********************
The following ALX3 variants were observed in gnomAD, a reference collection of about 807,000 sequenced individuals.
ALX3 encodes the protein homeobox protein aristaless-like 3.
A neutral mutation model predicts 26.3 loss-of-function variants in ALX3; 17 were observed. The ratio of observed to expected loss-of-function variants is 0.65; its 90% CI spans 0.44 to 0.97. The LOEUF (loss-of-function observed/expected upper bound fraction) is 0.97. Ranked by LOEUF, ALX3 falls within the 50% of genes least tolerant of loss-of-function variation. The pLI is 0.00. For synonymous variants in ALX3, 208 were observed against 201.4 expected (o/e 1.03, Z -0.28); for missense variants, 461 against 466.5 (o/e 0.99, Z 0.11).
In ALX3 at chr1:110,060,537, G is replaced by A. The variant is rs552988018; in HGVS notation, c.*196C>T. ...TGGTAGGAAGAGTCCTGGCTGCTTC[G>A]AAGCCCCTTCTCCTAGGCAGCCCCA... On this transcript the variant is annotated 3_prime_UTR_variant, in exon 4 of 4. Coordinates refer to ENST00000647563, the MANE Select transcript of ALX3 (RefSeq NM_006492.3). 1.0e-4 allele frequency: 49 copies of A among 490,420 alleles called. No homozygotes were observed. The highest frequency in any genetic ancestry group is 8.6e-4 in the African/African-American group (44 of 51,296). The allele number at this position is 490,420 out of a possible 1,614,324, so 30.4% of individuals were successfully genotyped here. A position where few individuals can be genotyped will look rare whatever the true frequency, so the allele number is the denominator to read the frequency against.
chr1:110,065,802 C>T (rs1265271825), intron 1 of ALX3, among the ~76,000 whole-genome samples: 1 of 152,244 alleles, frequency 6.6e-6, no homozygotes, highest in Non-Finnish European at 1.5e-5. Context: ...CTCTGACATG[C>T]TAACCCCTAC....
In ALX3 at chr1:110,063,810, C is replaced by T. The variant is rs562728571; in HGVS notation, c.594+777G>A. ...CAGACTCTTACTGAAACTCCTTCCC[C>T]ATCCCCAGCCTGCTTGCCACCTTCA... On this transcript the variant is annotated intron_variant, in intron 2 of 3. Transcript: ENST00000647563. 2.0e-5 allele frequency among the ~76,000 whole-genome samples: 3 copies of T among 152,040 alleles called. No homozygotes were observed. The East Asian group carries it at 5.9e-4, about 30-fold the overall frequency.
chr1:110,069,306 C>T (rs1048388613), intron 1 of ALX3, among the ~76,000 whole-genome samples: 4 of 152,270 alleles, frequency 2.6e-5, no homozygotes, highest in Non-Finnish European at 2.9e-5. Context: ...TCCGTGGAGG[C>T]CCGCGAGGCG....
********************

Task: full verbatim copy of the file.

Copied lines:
The following ALX3 variants were observed in gnomAD, a reference collection of about 807,000 sequenced individuals.
ALX3 encodes the protein homeobox protein aristaless-like 3.
A neutral mutation model predicts 26.3 loss-of-function variants in ALX3; 17 were observed. The ratio of observed to expected loss-of-function variants is 0.65; its 90% CI spans 0.44 to 0.97. The LOEUF (loss-of-function observed/expected upper bound fraction) is 0.97. Ranked by LOEUF, ALX3 falls within the 50% of genes least tolerant of loss-of-function variation. The pLI is 0.00. For synonymous variants in ALX3, 208 were observed against 201.4 expected (o/e 1.03, Z -0.28); for missense variants, 461 against 466.5 (o/e 0.99, Z 0.11).
In ALX3 at chr1:110,060,537, G is replaced by A. The variant is rs552988018; in HGVS notation, c.*196C>T. ...TGGTAGGAAGAGTCCTGGCTGCTTC[G>A]AAGCCCCTTCTCCTAGGCAGCCCCA... On this transcript the variant is annotated 3_prime_UTR_variant, in exon 4 of 4. Coordinates refer to ENST00000647563, the MANE Select transcript of ALX3 (RefSeq NM_006492.3). 1.0e-4 allele frequency: 49 copies of A among 490,420 alleles called. No homozygotes were observed. The highest frequency in any genetic ancestry group is 8.6e-4 in the African/African-American group (44 of 51,296). The allele number at this position is 490,420 out of a possible 1,614,324, so 30.4% of individuals were successfully genotyped here. A position where few individuals can be genotyped will look rare whatever the true frequency, so the allele number is the denominator to read the frequency against.
chr1:110,065,802 C>T (rs1265271825), intron 1 of ALX3, among the ~76,000 whole-genome samples: 1 of 152,244 alleles, frequency 6.6e-6, no homozygotes, highest in Non-Finnish European at 1.5e-5. Context: ...CTCTGACATG[C>T]TAACCCCTAC....
In ALX3 at chr1:110,063,810, C is replaced by T. The variant is rs562728571; in HGVS notation, c.594+777G>A. ...CAGACTCTTACTGAAACTCCTTCCC[C>T]ATCCCCAGCCTGCTTGCCACCTTCA... On this transcript the variant is annotated intron_variant, in intron 2 of 3. Transcript: ENST00000647563. 2.0e-5 allele frequency among the ~76,000 whole-genome samples: 3 copies of T among 152,040 alleles called. No homozygotes were observed. The East Asian group carries it at 5.9e-4, about 30-fold the overall frequency.
chr1:110,069,306 C>T (rs1048388613), intron 1 of ALX3, among the ~76,000 whole-genome samples: 4 of 152,270 alleles, frequency 2.6e-5, no homozygotes, highest in Non-Finnish European at 2.9e-5. Context: ...TCCGTGGAGG[C>T]CCGCGAGGCG....